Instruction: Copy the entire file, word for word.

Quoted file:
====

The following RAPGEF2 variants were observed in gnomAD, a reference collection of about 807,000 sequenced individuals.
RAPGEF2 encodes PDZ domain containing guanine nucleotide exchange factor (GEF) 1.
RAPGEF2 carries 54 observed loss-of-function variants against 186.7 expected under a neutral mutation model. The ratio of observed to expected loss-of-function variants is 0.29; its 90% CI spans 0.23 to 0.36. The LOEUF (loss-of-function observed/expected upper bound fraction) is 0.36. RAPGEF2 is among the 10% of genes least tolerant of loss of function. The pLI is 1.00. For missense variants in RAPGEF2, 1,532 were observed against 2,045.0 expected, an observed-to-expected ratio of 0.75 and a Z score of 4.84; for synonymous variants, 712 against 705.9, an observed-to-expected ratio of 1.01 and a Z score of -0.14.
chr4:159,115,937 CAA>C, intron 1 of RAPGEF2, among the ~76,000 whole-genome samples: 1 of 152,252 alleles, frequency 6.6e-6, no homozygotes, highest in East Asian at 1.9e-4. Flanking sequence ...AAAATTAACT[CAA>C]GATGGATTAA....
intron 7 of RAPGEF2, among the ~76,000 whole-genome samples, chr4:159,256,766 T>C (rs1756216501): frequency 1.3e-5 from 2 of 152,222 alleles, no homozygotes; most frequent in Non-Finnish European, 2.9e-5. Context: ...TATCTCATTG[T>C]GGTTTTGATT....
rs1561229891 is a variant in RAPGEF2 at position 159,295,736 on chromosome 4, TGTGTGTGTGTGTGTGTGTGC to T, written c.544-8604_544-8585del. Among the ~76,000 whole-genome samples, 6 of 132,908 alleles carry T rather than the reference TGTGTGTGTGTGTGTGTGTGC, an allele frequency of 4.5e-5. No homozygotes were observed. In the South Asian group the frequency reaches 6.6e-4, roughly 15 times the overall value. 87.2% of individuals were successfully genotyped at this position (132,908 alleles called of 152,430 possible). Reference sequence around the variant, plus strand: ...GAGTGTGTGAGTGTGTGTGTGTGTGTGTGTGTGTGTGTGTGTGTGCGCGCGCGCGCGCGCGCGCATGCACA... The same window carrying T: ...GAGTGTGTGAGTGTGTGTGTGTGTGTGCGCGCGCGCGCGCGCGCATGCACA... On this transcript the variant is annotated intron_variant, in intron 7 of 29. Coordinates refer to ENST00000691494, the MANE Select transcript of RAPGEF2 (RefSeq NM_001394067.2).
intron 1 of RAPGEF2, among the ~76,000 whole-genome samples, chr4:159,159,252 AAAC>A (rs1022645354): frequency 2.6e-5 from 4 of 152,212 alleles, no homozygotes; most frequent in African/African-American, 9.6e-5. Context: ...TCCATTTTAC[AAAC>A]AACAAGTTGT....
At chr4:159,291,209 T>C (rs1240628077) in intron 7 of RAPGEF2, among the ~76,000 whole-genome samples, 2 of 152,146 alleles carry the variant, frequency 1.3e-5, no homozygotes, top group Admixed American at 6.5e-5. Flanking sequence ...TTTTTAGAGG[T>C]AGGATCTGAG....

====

The following RAPGEF2 variants were observed in gnomAD, a reference collection of about 807,000 sequenced individuals.
RAPGEF2 encodes PDZ domain containing guanine nucleotide exchange factor (GEF) 1.
RAPGEF2 carries 54 observed loss-of-function variants against 186.7 expected under a neutral mutation model. The ratio of observed to expected loss-of-function variants is 0.29; its 90% CI spans 0.23 to 0.36. The LOEUF (loss-of-function observed/expected upper bound fraction) is 0.36. RAPGEF2 is among the 10% of genes least tolerant of loss of function. The pLI is 1.00. For missense variants in RAPGEF2, 1,532 were observed against 2,045.0 expected, an observed-to-expected ratio of 0.75 and a Z score of 4.84; for synonymous variants, 712 against 705.9, an observed-to-expected ratio of 1.01 and a Z score of -0.14.
chr4:159,115,937 CAA>C, intron 1 of RAPGEF2, among the ~76,000 whole-genome samples: 1 of 152,252 alleles, frequency 6.6e-6, no homozygotes, highest in East Asian at 1.9e-4. Flanking sequence ...AAAATTAACT[CAA>C]GATGGATTAA....
intron 7 of RAPGEF2, among the ~76,000 whole-genome samples, chr4:159,256,766 T>C (rs1756216501): frequency 1.3e-5 from 2 of 152,222 alleles, no homozygotes; most frequent in Non-Finnish European, 2.9e-5. Context: ...TATCTCATTG[T>C]GGTTTTGATT....
rs1561229891 is a variant in RAPGEF2 at position 159,295,736 on chromosome 4, TGTGTGTGTGTGTGTGTGTGC to T, written c.544-8604_544-8585del. Among the ~76,000 whole-genome samples, 6 of 132,908 alleles carry T rather than the reference TGTGTGTGTGTGTGTGTGTGC, an allele frequency of 4.5e-5. No homozygotes were observed. In the South Asian group the frequency reaches 6.6e-4, roughly 15 times the overall value. 87.2% of individuals were successfully genotyped at this position (132,908 alleles called of 152,430 possible). Reference sequence around the variant, plus strand: ...GAGTGTGTGAGTGTGTGTGTGTGTGTGTGTGTGTGTGTGTGTGTGCGCGCGCGCGCGCGCGCGCATGCACA... The same window carrying T: ...GAGTGTGTGAGTGTGTGTGTGTGTGTGCGCGCGCGCGCGCGCGCATGCACA... On this transcript the variant is annotated intron_variant, in intron 7 of 29. Coordinates refer to ENST00000691494, the MANE Select transcript of RAPGEF2 (RefSeq NM_001394067.2).
intron 1 of RAPGEF2, among the ~76,000 whole-genome samples, chr4:159,159,252 AAAC>A (rs1022645354): frequency 2.6e-5 from 4 of 152,212 alleles, no homozygotes; most frequent in African/African-American, 9.6e-5. Context: ...TCCATTTTAC[AAAC>A]AACAAGTTGT....
At chr4:159,291,209 T>C (rs1240628077) in intron 7 of RAPGEF2, among the ~76,000 whole-genome samples, 2 of 152,146 alleles carry the variant, frequency 1.3e-5, no homozygotes, top group Admixed American at 6.5e-5. Flanking sequence ...TTTTTAGAGG[T>C]AGGATCTGAG....